Students at Kansas State University Salina believe unmanned aircraft systems are indeed the future of aviation. The program, Introduction to Unmanned Aircraft Systems, has seen enrollments increase by 200%, from 7 to 22 students. Kurt Barnhart, head of the university’s aviation department is very pleased to see this level of interest. He states the work involved in getting the program off the ground has been rewarded with the huge increase in enrollment numbers.
Students’ reasons for enrollment in the program are varied. Professional pilot majors make up the majority of enrollments while some are majoring in aviation maintenance. However, there are some who are solely focusing on UAS. There are those who want to take their remote control flying hobbies into a career. There are those who are military bound yet appreciate the opportunity to fly without the fear of getting shot down. Engineers will get the rare opportunity to build and fly the same aircraft.
K-State’s Salina campus is near Smoky Hills Weapon Range. The UAS program has been given access to the restricted air space at the weapon range. The range allows students to operate unmanned systems operating software explains Eric Shappee, associate professor of UAS. The students also get to learn mission planning first hand. Shappee is confident this exposure will give his students an edge when seeking employment.
The program’s director, Josh Brungardt, feels very fortunate that K-State Salina is one of the only universities to be able to offer such experience due to the campus’ proximity to Smoky Hills.
UAS is currently a certificate program at K-State Salina.
The UAS program office at K-State Salina also serves another function as it houses the Unmanned Aerial Systems Technology Evaluation Center. The center will evaluate UAS platforms and technology to determine how suitable they are during disaster response situations. The center will also train those who operate and maintain UAS. The UAS office also houses a full surface mount technology lab. The lab’s focus is on unmanned vehicle avionics and payload miniaturization.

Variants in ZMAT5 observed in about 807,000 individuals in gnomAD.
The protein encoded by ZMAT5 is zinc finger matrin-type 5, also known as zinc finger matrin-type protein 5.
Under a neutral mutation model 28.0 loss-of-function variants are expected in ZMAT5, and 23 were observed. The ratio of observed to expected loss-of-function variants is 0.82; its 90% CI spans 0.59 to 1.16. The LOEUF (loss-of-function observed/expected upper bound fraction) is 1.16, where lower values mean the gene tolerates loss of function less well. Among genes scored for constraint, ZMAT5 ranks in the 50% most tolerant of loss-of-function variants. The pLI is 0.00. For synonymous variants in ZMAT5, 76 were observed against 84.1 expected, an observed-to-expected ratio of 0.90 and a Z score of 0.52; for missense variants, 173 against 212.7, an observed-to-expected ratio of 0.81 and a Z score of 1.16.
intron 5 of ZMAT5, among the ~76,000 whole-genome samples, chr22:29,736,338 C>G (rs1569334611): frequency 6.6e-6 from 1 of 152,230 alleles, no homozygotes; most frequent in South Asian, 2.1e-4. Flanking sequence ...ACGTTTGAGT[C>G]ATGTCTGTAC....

K-State’s Applied Aviation Research Center operates the UAS program office. The center’s mission is to advance aerospace technology in propulsion, airframe, avionics and aviation training. The office also assists military organizations and the private sector in their focus on the nation’s airspace utilizing unmanned flights. Another function of the UAS program office is to train pilots and operators of unmanned aerial vehicles (UAVs).
As a pioneer in the unmanned aircraft systems field, K-State also instituted the criteria for UAS flight operations which includes the functions at the Smoky Hill Weapons Range. K-State will eventually also begin fight operations at the Herington UAS flight facility in Kansas. Both military and civilian organizations are able to test and fly at the facilities.